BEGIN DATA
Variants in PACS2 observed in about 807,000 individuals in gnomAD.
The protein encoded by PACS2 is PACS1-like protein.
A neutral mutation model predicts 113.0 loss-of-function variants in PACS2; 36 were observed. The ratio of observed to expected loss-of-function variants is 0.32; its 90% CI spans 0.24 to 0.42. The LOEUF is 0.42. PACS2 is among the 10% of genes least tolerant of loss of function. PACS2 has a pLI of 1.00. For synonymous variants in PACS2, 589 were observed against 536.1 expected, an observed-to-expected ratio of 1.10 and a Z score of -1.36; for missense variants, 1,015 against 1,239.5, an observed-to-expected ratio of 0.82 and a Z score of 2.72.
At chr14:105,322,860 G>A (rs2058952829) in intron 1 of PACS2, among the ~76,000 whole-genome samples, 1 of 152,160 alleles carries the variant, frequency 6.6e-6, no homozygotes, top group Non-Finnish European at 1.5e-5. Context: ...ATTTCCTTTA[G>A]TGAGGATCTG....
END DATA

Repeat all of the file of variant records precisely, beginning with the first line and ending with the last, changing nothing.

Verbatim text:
Variants in PACS2 observed in about 807,000 individuals in gnomAD.
The protein encoded by PACS2 is PACS1-like protein.
A neutral mutation model predicts 113.0 loss-of-function variants in PACS2; 36 were observed. The ratio of observed to expected loss-of-function variants is 0.32; its 90% CI spans 0.24 to 0.42. The LOEUF is 0.42. PACS2 is among the 10% of genes least tolerant of loss of function. PACS2 has a pLI of 1.00. For synonymous variants in PACS2, 589 were observed against 536.1 expected, an observed-to-expected ratio of 1.10 and a Z score of -1.36; for missense variants, 1,015 against 1,239.5, an observed-to-expected ratio of 0.82 and a Z score of 2.72.
At chr14:105,322,860 G>A (rs2058952829) in intron 1 of PACS2, among the ~76,000 whole-genome samples, 1 of 152,160 alleles carries the variant, frequency 6.6e-6, no homozygotes, top group Non-Finnish European at 1.5e-5. Context: ...ATTTCCTTTA[G>A]TGAGGATCTG....